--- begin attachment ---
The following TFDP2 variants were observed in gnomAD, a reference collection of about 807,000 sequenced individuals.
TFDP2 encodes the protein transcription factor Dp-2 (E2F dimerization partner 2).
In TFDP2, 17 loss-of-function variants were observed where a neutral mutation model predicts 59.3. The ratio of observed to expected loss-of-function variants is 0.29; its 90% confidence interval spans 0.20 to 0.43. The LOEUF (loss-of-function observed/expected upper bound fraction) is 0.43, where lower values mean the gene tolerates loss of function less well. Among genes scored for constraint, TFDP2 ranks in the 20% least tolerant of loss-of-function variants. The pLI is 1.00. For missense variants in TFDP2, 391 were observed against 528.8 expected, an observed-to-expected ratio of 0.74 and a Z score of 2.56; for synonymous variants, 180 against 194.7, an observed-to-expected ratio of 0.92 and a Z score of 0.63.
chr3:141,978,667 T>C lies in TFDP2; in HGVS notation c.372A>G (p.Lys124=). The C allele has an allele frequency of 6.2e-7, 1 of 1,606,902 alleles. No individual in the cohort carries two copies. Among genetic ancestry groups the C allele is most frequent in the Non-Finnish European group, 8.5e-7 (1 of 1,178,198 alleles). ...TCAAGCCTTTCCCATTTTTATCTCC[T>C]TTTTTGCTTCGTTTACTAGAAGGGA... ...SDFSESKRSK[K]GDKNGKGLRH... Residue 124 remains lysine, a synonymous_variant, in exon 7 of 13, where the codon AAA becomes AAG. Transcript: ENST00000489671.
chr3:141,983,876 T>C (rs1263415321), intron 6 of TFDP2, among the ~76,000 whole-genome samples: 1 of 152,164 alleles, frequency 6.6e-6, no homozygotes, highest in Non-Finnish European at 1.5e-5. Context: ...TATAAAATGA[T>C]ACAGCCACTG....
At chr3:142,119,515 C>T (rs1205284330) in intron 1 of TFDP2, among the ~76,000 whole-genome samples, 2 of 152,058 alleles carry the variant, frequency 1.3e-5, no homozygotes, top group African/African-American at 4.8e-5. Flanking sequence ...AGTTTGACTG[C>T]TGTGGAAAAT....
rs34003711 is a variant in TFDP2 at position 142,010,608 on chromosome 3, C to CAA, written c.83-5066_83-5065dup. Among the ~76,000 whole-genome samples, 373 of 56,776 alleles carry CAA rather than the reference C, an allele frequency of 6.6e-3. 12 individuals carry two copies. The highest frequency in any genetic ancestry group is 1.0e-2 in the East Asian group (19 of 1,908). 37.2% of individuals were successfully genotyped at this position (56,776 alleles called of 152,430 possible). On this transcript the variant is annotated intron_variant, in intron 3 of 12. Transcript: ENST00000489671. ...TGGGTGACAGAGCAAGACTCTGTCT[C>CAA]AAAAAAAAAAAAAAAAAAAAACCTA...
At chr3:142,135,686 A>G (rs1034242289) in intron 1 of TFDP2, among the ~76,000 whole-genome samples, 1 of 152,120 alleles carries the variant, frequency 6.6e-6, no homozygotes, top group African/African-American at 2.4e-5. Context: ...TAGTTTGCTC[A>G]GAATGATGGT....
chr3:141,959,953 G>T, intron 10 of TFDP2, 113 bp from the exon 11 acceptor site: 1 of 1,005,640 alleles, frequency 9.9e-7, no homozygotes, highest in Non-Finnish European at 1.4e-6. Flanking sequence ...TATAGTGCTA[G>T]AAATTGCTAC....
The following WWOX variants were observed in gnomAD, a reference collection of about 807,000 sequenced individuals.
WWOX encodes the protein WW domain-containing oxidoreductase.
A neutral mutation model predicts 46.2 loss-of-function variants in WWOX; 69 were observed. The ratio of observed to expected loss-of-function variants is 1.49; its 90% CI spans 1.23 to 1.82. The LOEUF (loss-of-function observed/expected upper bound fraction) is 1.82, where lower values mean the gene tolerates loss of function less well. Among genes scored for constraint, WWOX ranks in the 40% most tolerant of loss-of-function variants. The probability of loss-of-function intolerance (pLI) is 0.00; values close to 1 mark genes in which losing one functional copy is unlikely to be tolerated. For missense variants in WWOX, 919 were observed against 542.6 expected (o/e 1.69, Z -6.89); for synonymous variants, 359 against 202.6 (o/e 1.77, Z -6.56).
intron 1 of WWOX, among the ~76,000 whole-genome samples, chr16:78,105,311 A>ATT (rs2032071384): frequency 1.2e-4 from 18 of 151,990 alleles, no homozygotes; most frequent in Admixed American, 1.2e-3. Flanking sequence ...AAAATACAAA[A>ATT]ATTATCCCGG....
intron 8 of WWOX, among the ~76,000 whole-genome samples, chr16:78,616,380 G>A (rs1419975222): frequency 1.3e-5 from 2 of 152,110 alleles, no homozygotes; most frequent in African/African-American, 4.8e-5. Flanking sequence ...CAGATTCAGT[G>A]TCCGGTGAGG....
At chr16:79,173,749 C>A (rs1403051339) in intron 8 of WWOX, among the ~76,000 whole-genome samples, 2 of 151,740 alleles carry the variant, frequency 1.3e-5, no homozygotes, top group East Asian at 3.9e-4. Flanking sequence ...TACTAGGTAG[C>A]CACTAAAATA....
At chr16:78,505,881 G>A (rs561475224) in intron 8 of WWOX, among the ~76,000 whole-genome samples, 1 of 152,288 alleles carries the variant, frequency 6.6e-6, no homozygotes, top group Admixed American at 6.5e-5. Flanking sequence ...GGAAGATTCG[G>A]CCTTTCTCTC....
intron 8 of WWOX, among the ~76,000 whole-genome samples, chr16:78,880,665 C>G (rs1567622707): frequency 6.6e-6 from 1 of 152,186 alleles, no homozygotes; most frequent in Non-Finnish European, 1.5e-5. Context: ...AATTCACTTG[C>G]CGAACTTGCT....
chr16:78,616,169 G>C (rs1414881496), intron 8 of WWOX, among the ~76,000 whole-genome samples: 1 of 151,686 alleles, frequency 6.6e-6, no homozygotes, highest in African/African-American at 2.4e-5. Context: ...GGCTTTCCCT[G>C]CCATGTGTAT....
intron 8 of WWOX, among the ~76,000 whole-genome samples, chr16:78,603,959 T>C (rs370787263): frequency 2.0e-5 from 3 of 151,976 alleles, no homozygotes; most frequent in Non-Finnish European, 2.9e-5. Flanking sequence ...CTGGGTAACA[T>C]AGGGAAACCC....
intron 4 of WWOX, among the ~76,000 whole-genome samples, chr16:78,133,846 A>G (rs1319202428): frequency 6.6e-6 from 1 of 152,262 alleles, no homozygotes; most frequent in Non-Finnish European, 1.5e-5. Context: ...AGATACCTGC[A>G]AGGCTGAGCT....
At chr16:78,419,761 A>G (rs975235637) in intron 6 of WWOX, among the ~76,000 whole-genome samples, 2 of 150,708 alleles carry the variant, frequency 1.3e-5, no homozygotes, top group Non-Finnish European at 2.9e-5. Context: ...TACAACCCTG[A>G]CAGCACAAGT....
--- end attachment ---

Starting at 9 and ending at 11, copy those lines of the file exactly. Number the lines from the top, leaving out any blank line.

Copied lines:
chr3:141,959,953 G>T, intron 10 of TFDP2, 113 bp from the exon 11 acceptor site: 1 of 1,005,640 alleles, frequency 9.9e-7, no homozygotes, highest in Non-Finnish European at 1.4e-6. Flanking sequence ...TATAGTGCTA[G>T]AAATTGCTAC....
The following WWOX variants were observed in gnomAD, a reference collection of about 807,000 sequenced individuals.
WWOX encodes the protein WW domain-containing oxidoreductase.